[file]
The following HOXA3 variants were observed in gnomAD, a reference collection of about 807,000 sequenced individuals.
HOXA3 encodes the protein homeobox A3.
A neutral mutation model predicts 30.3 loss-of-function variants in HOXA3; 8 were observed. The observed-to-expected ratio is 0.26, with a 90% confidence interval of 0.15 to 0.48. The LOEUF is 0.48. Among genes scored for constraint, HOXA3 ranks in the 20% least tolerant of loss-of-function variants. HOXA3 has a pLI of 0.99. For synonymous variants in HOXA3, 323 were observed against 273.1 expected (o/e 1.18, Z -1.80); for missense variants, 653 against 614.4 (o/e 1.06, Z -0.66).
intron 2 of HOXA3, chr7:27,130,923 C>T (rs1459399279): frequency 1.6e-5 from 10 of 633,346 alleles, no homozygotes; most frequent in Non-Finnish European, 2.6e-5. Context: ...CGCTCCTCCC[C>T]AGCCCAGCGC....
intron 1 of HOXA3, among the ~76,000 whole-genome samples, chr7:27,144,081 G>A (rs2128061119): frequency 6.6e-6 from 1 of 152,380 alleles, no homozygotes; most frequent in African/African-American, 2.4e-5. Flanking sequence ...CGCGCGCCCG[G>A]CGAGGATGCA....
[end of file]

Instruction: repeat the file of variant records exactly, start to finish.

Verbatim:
The following HOXA3 variants were observed in gnomAD, a reference collection of about 807,000 sequenced individuals.
HOXA3 encodes the protein homeobox A3.
A neutral mutation model predicts 30.3 loss-of-function variants in HOXA3; 8 were observed. The observed-to-expected ratio is 0.26, with a 90% confidence interval of 0.15 to 0.48. The LOEUF is 0.48. Among genes scored for constraint, HOXA3 ranks in the 20% least tolerant of loss-of-function variants. HOXA3 has a pLI of 0.99. For synonymous variants in HOXA3, 323 were observed against 273.1 expected (o/e 1.18, Z -1.80); for missense variants, 653 against 614.4 (o/e 1.06, Z -0.66).
intron 2 of HOXA3, chr7:27,130,923 C>T (rs1459399279): frequency 1.6e-5 from 10 of 633,346 alleles, no homozygotes; most frequent in Non-Finnish European, 2.6e-5. Context: ...CGCTCCTCCC[C>T]AGCCCAGCGC....
intron 1 of HOXA3, among the ~76,000 whole-genome samples, chr7:27,144,081 G>A (rs2128061119): frequency 6.6e-6 from 1 of 152,380 alleles, no homozygotes; most frequent in African/African-American, 2.4e-5. Flanking sequence ...CGCGCGCCCG[G>A]CGAGGATGCA....